Janet, your notes going back to 1983 must be impressive! Are you involved with any birding group? I've made my disclaimer that I'm not an avid birder, so pardon the following ignorance:

I had a Bay Area resident comment on the arrival of the ravens to my mourning dove post. I think she said she heard they were one of the first signs of environmental degradation; I'm not sure how that conclusion came about.

Thank you for the link. I looked up cattle egrets since the page didn't offer any identifying information; looks like they're smaller than the snowy, but from a distance I'm guessing many beginners would get them confused. I'm assuming "CBC" means an annual club count of some sort? I have several criticisms of annual group counts, having participated in butterfly and odonate groups - I was the only one to capture state or seasonal records simply because I got bored and wandered off. Weather patterns for specific annual dates, knowledge of group participants, and tabulation methods affect the graphed results, possibly more than the actual population numbers. I wonder how the past 10 years (2000-2010) have fared for cattle egrets in Santa Cruz County. My cynical self says there might have been a prolific birder involved in the 80's CBC who might have died, or wasn't involved every year.

We should talk movies some time. I watched Guy's Sherlock Holmes recently and found it very entertaining. They used Bartitsu per Conan Doyle.

Janet said...

Movies, yes, but another day :-) !!!

CBC = Christmas Bird Count, done nationwide generally during December and in very organized and systematic way.

Re cattle egrets - they just seem to have disappeared. in the mid 80s I saw them in Golden Gate Park and throughout the peninsula, then ... not a one since. Very different in appearance, with shaggy yellowish feathers and they tend to be upland (in SF they loved the bison paddock in GG Park) because they feed on bugs and stuff.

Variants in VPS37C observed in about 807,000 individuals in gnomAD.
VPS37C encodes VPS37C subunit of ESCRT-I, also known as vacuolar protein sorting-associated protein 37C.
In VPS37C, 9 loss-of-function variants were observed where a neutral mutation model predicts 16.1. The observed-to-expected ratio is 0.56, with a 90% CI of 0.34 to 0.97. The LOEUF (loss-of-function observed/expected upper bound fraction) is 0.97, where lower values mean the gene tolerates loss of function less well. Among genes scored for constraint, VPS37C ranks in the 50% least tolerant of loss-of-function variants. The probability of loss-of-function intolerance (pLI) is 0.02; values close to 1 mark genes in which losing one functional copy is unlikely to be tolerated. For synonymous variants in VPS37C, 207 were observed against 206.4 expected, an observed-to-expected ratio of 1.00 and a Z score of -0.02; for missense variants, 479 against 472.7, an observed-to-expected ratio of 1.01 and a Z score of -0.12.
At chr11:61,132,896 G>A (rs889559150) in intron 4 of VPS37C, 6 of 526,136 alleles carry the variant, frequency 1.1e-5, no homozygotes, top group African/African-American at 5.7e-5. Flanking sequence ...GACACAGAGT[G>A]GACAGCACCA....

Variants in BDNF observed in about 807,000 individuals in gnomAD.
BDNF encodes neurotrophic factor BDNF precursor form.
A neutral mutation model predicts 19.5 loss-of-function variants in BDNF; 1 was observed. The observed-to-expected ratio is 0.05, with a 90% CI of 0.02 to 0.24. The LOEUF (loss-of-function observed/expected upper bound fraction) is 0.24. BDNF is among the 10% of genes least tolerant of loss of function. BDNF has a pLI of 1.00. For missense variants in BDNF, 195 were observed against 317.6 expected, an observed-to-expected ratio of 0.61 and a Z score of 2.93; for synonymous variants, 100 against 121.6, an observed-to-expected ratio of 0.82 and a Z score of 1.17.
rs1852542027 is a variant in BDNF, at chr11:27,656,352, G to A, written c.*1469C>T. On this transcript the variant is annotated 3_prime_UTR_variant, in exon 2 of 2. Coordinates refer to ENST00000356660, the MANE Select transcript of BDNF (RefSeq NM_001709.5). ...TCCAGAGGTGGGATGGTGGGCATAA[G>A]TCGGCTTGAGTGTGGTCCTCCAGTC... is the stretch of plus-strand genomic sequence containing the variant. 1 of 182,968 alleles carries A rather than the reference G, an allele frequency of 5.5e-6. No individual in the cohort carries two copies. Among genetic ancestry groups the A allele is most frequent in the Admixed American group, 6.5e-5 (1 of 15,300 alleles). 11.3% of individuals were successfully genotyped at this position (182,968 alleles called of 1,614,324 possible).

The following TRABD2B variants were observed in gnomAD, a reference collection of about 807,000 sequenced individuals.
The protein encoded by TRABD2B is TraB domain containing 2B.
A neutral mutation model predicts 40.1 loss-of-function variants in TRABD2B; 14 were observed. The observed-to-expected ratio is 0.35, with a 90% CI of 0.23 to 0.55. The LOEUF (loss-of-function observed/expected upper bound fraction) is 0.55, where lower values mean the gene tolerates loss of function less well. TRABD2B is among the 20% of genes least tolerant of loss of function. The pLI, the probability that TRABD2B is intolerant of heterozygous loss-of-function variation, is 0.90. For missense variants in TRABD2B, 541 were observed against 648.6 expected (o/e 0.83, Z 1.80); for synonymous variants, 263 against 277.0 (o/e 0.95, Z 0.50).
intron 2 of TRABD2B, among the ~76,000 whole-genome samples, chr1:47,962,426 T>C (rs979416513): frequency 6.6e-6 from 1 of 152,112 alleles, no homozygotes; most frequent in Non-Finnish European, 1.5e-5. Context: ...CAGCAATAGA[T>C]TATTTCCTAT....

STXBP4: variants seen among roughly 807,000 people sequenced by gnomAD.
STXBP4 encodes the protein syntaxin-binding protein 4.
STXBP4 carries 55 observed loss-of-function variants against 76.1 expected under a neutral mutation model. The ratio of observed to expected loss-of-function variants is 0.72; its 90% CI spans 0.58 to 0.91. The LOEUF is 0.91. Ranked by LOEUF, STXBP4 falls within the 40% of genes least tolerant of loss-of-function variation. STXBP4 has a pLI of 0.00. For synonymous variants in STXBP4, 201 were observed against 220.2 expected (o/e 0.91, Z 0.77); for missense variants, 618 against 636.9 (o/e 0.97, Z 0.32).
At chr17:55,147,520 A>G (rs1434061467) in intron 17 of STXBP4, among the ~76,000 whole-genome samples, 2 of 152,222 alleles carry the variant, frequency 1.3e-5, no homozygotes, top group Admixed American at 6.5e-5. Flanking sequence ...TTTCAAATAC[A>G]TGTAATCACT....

I did the CBC w/ the local Auduboners in SF once in the mid 80s and it was a TERRIBLE experience and I never had anything to do w/ them again! My local group up here is a very nice bunch of folks but because of my involvement w/ the aikido dojo + art/sewing stuff I have very limited time for field trips or meetings even when they are fun. ALWAYS do the CBC w/ them though!

I've become a lazy birder as I've entered middle age. On entire classes of birds I'm happy to see them and get to general class ("peep" - "gull") and let it go. I totally recommend a slim funny book called How To Be A Bad Birdwatcher by a very good writer named Simon Barnes :-)

troutbirder said...

To me birding goes with a good walk with my GSD. Not to serious but always fun. Incidently we have only ONE hummingbird species here on the Tundra. Oh well....

Nature ID said...

Janet, holy brain freeze! I've heard of the Christmas Bird Count, but while reading the article it didn't occur to me since the author specified SCZ, but not CBC. I'll check out that book you recommend.

Troutbirder, tundra? Where the heck are you?